As Carolyn reported yesterday, doctors in Germany say that they may have cured a patient, Timothy Ray Brown (a 44-year-old American living in Berlin) of HIV infection.
The case study, published in the journal Blood, outlines his treatment. Brown had a form of leukemia and, in addition to chemotherapy and radiation, he needed a bone marrow transplant. So doctors found a donor whose bone marrow contained stem cells with a rare genetic mutation that made them resistent to HIV infection.
The doctors assumed that his even after receiving the transplant with HIV-resistent cells, the infection would return, but after three and a half years, it hasn’t. And he has been off of anti-HIV drugs this whole time.
So he appears to have been “cured” of HIV. But what does this mean for the future of treatment?
The problem here is that to receive the donor cells in the first place, the patient’s entire immune system had to be wiped out. That’s an incredibly risky proposition, Michael Saag, director of Alabama at Birmingham AIDS Center, told CNN.
“Even if somebody doesn’t die from a transplant, there are complications that make it very unpleasant for people to live with,” he said, citing graft-versus-host disease, where the infused donor cells attack the body. In a number of cases, the transplant proves fatal.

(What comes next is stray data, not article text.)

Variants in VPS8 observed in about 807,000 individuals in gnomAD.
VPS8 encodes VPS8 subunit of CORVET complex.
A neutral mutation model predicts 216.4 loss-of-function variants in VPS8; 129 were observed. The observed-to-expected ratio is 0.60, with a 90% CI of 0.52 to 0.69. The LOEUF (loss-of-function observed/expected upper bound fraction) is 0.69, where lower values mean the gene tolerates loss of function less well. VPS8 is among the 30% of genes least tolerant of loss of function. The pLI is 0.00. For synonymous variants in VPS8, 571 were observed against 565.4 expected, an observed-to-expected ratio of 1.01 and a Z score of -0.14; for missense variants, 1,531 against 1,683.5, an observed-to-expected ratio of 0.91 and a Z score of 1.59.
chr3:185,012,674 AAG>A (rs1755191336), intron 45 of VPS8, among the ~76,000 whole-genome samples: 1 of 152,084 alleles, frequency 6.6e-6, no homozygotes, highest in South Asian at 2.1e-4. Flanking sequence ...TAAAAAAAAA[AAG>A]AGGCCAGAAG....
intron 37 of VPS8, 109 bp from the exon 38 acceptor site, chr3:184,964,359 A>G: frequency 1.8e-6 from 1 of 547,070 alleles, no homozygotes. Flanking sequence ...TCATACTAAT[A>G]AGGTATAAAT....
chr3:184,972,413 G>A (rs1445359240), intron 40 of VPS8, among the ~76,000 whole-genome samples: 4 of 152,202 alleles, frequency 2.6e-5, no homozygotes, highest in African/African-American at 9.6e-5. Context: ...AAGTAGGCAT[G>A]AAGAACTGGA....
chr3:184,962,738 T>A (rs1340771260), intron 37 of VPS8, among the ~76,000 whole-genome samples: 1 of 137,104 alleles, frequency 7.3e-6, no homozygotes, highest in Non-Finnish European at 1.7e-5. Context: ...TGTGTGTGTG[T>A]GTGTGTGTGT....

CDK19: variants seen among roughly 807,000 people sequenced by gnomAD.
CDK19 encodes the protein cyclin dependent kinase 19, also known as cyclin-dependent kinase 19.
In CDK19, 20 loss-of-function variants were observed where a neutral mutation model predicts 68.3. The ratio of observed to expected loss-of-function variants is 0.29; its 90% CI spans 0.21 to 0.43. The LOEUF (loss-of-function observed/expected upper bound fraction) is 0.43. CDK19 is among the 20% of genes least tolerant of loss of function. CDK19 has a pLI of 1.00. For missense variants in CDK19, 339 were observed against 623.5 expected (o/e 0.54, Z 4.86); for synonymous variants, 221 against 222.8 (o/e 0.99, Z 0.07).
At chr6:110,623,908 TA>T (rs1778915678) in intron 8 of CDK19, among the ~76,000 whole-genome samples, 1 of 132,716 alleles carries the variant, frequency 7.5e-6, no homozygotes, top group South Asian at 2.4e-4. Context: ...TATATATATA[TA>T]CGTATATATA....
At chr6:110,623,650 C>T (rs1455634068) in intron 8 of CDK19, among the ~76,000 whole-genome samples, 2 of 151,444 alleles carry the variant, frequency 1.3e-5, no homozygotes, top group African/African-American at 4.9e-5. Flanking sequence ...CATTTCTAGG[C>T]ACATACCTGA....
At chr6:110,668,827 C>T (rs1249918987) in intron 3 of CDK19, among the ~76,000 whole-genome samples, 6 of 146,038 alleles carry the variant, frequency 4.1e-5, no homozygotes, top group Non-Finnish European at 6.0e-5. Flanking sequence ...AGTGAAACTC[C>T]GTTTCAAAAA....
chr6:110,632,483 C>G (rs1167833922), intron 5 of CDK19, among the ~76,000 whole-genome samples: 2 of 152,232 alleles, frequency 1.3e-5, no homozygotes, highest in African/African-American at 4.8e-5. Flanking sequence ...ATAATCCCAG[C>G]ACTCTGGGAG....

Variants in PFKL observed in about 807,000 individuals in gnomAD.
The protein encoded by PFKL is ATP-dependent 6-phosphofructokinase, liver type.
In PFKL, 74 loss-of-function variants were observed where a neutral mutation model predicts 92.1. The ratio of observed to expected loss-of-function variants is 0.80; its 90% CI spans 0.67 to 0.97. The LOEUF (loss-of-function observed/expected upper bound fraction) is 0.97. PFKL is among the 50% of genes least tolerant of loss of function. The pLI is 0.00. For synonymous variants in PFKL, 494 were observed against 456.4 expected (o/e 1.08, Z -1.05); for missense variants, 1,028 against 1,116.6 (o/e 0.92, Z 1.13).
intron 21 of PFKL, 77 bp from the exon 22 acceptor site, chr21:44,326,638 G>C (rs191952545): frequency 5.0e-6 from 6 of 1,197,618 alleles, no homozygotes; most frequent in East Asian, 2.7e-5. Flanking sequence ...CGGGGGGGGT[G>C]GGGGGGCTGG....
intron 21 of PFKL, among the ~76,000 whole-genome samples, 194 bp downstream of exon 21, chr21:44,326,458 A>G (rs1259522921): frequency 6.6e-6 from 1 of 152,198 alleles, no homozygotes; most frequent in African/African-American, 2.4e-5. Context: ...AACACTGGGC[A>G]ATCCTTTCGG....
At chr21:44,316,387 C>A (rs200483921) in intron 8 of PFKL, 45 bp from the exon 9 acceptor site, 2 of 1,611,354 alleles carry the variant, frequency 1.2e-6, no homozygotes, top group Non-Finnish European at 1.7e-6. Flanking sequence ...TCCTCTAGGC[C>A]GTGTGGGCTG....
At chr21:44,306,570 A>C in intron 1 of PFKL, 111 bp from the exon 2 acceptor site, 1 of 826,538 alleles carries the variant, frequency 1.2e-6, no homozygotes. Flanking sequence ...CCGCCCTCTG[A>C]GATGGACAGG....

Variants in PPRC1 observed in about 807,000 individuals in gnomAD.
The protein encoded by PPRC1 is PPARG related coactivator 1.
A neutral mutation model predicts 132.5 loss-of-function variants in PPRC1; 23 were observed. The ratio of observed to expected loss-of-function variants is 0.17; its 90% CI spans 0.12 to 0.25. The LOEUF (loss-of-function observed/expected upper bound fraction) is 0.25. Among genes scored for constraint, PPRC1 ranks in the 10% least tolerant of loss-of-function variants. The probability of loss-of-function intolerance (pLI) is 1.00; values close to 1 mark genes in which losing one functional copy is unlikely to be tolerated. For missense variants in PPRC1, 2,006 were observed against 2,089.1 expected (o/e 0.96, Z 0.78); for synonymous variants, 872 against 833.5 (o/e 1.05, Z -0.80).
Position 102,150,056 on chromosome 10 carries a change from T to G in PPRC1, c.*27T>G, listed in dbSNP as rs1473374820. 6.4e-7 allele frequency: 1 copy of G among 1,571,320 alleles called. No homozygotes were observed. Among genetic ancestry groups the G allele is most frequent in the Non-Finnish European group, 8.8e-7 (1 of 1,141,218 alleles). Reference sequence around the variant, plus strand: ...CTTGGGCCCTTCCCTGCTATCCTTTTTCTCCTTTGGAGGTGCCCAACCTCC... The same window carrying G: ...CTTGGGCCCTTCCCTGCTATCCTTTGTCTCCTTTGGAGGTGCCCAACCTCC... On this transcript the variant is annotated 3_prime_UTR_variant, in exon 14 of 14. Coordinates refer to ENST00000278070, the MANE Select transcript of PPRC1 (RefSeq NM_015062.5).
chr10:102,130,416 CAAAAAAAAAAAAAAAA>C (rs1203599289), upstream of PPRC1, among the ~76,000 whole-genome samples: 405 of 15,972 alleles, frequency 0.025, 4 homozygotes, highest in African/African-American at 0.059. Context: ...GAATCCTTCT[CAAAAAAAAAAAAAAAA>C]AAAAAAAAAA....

Finding a match for a bone marrow donor is also really hard – and in this case, it had to be a match containing the rare genetic mutation that codes for resistence to the infection – only 1% of the Caucasion population (and 0% of the black population) have it.
This is a milestone for HIV research, but more in a theoretical sense, not for practical application.
Still, it’s facinating and no doubt provides a launching point for future research. And it’s been a good year for HIV advances in general – remember that last month researchers reported that healthy men who take antiretroviral drugs are 44 percent less likely to be infected with HIV (even though they were just as exposed as controls). That’s a big step forward for prevention.
I wonder if in our children’s lifetime, they’ll see a change of course in the HIV epidemic (which affects about 33 million worldwide). No doubt our kids’ attitudes and feelings about the disease will be different than ours, because they’re growing up in a world where an HIV positive diagnosis is not a death sentence — many patients now can have normal life expectancies.